What framers do you recommend?
Homestead Picture Framers - 102 Railside Avenue, Henderson, Waitakere, Auckland
ph (09) 838 6920 or Factory Frames - 22 Apollo Drive, Mairangi Bay, Auckland ph
0800 488 488.
How did you get to be an Artist?
This is a big question! As a child I always thought that I would like to be an
artist when I grew up, and my earliest memories are of spending a lot of time drawing
and painting. My passion for re-creating whatever subject matter I love into works
of pencil or paint continued into adulthood and I began exhibiting and selling my
work in 1995. Painting, exhibiting and selling my work just grew from that point
Do you get tired of painting?
I only get tired of painting if I try to make myself paint when I don’t feel like
it, and at these times I need to remind myself to stop, catch up with friends or
simply go and get some exercise. What always brings me back to painting though is
the inspiration I get from the beauty I see - like when I visit places like the
Tutukaka coast line. I find myself looking at the gorgeous view in front of me,
envision it on canvas and then I can’t wait to get home to start painting. My painting
process is always a work in progress too, so for me painting never becomes dull.
I can see how my work has evolved in a more obvious way from water colour works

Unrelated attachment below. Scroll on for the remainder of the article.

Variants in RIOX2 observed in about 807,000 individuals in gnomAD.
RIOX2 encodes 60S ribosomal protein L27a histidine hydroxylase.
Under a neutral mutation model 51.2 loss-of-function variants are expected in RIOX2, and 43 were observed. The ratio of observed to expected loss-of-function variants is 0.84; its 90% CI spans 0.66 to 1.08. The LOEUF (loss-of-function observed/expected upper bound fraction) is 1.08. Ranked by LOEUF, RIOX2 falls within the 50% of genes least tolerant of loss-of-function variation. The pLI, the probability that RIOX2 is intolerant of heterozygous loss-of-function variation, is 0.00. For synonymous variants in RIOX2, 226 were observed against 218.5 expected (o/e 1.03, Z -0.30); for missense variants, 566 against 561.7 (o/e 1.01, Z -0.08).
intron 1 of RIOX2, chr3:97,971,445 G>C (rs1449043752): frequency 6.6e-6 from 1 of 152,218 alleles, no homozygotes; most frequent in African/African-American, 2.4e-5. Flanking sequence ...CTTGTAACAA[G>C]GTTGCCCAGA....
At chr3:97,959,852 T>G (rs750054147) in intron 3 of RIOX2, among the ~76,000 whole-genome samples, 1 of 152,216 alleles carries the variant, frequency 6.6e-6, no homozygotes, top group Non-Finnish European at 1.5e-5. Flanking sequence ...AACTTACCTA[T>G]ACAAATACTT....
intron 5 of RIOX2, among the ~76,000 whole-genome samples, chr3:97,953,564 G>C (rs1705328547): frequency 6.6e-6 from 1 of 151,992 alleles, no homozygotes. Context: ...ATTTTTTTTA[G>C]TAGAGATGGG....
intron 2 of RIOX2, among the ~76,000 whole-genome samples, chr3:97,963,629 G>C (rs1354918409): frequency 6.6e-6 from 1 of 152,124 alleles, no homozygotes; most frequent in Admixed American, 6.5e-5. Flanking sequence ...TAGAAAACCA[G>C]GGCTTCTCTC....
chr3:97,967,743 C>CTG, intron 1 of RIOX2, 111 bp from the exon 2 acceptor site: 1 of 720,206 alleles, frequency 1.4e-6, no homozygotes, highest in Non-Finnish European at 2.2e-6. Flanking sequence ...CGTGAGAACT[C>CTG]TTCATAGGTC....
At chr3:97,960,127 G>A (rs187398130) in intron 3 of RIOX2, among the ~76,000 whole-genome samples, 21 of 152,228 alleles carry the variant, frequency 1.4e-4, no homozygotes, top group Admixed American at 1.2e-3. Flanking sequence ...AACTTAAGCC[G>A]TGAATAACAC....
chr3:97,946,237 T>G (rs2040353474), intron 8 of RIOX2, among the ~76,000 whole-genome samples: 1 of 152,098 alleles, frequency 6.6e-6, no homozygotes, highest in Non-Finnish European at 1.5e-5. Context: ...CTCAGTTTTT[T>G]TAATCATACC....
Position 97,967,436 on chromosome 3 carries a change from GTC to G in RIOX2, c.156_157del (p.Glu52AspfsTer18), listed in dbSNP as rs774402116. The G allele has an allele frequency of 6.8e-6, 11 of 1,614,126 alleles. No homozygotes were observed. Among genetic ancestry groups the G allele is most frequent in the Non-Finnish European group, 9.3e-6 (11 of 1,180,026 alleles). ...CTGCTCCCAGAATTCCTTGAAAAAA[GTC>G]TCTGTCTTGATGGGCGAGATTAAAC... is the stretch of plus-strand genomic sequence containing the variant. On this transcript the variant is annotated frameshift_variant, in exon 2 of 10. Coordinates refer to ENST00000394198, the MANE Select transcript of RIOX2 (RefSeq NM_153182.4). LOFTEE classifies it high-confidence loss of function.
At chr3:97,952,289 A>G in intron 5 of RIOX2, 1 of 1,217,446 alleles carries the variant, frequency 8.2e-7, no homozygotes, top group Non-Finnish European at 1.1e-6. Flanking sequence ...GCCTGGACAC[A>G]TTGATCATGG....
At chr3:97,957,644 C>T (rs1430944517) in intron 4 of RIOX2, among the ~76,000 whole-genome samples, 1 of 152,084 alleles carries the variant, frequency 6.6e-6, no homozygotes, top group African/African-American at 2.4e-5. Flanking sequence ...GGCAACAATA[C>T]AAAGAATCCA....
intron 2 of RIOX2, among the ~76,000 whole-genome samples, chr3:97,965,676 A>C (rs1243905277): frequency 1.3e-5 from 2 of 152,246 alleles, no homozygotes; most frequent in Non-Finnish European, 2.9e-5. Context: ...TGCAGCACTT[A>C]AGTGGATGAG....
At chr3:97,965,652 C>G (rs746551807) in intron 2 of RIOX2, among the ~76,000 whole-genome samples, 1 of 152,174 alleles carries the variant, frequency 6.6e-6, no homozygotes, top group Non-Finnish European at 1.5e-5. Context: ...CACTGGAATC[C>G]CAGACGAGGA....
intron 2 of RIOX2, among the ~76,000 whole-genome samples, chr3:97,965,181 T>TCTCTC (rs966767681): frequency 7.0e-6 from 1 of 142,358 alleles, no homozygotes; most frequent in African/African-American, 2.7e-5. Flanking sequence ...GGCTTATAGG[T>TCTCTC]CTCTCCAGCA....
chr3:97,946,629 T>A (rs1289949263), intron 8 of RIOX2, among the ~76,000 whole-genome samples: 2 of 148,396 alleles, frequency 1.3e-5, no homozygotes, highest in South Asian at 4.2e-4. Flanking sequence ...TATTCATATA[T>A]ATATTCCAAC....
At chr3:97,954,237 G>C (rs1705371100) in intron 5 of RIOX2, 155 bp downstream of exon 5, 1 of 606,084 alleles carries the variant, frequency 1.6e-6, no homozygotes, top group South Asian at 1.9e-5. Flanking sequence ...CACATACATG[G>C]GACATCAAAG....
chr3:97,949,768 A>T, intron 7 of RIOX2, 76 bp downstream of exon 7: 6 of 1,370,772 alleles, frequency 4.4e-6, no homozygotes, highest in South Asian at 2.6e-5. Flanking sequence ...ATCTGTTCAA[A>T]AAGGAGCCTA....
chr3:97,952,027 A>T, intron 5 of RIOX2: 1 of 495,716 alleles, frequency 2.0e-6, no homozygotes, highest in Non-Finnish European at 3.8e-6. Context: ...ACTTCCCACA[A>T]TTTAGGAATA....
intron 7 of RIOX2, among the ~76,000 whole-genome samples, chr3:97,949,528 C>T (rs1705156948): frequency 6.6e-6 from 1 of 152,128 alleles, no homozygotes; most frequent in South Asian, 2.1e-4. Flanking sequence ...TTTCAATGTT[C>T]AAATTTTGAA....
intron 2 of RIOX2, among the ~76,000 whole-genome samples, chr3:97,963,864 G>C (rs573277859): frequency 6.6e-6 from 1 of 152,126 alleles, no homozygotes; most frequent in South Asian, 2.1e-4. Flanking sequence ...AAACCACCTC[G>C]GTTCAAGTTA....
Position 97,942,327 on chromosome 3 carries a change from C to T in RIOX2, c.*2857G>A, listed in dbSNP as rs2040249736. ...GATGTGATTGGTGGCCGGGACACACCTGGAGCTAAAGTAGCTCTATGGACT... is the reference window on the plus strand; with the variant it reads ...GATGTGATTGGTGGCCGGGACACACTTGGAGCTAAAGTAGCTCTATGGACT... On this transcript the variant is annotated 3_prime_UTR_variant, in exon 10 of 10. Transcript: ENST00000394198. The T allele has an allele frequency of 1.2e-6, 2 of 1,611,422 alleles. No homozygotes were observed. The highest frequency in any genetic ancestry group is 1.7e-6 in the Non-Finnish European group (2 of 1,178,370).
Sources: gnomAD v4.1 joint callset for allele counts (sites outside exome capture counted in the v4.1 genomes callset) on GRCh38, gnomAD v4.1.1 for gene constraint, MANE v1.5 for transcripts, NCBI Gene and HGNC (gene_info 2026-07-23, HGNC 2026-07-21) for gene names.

to acrylic on canvas 20 years ago, along with more subtle changes over the years
such as: a more muted colour palette, an increasing level of abstraction, and overall
more of a sensitivity regarding tonal qualities – all of which I find exciting.
Do you sit outside and paint what is in front of you?
I don’t paint outside, mainly due to the size of my canvases and time. My recent
paintings have been around 1.5 metres long which of course make transportation and
working on site a bit of an issue. Plus my style of painting is very fine and detailed
which means it takes me up to 250 hours or more to complete a work.
Can you tell me a bit about your painting process?
I’m generally inspired by a beautiful natural environment, typically incorporating
the sea, which prompts me to re-create what I’m looking at and love, as a painting.
I draw an outline on a blank canvas from a photo which for me represents a breathtaking,
in-the-moment experience of feeling as one with whatever I was looking at, and am
increasingly able to distract my conscious mind by listening to music, movies, documentaries
and audio books – and let my body paint my painting. I think this state is akin
to what a runner might call being in the “zone” – a creative state which I find
a very enjoyable experience.